Quality assurance: This is a process that ensures that the various outputs from the health and safety and /or business continuity programmes meet the defined requirements.
Performance appraisal: A review of the performance of individuals tasked with roles and responsibilities in health and safety and / or business continuity.
Supplier performance: This is focussed on business continuity and is a review of key suppliers’ business continuity programmes or their recovery services.
Management Review: This is a review by top management to ensure that the health and safety and / or business continuity programmes are suitable, adequate, effective and align with organisational objectives.
The most important thing about “Check” is to actually undertake a review while the experience is fresh in your minds to capture information to enable you to continually improve and enhance your response for the next time we find ourselves responding to an unplanned, fast paced and unpredictable situation.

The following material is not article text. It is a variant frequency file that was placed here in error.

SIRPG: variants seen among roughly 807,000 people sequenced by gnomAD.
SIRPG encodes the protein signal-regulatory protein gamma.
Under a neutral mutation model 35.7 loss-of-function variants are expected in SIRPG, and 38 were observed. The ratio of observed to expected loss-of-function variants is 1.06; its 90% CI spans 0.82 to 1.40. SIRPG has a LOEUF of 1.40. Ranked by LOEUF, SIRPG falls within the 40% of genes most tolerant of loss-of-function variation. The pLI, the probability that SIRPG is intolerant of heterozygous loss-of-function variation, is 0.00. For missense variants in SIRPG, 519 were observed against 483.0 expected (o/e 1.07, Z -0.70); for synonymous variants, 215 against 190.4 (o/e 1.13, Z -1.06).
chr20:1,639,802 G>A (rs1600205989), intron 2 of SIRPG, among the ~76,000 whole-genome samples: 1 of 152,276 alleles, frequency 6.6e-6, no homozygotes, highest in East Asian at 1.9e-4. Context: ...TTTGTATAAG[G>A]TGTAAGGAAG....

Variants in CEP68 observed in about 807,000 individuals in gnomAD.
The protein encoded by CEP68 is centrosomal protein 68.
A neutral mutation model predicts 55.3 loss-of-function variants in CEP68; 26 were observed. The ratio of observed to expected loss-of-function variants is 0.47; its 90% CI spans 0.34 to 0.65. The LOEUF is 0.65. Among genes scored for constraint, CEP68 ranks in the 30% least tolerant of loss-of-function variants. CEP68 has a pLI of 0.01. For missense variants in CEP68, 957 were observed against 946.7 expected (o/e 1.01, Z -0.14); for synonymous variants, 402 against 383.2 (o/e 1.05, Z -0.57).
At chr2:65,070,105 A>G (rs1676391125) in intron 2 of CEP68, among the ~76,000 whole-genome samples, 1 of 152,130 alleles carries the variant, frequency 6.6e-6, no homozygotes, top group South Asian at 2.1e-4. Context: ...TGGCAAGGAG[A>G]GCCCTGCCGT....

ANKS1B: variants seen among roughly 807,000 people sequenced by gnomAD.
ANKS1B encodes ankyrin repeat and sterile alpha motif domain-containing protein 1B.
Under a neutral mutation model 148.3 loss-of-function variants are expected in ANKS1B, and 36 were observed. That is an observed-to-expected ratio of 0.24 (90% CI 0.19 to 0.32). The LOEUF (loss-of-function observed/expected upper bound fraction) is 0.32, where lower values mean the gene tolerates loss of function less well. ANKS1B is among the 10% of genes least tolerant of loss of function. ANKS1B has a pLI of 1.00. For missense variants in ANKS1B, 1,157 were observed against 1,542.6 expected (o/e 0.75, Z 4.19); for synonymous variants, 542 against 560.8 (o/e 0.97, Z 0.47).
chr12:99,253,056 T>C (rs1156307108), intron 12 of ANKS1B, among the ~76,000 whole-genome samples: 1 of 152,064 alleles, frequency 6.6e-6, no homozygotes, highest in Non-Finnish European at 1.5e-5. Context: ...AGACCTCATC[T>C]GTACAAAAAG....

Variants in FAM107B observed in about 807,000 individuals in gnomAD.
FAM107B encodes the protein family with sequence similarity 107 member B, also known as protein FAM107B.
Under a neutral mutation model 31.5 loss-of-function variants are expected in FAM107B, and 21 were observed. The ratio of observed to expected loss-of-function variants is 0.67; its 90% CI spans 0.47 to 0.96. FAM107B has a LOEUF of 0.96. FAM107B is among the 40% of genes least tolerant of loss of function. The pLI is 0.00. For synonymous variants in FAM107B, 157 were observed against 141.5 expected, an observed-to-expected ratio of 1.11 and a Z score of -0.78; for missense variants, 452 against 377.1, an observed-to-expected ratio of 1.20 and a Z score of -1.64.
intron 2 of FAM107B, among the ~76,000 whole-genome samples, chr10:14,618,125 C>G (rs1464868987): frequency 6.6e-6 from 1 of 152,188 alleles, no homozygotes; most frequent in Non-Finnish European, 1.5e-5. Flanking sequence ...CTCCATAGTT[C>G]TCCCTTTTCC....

In addition to the six types of review outlined above it is important to also reflect on the values and strengths of your organisation and how they have been embraced during the Covid experience?
Did the values seem appropriate, or do they need to be re-visited?
What about your strengths? How did you play to your strengths as an organisation, did you stretch them in a new direction, or did you lose sight of them?
What will your organisation be remembered for in terms of how it communicated, supported and valued its people and how will this impact your reputation and brand?
Resilient IT have broad experience in Business Continuity, Health and Safety and Risk Management. We can review current programmes or facilitate interactive workshops to enagage staff in the process of strategic review. Our services are always aligned to international best practise such as ISO22301:2019 and ISO45001 and consider as key inputs the NZ Health and Safety at Work Act 2015.
Contact Pam Mitchell to learn more.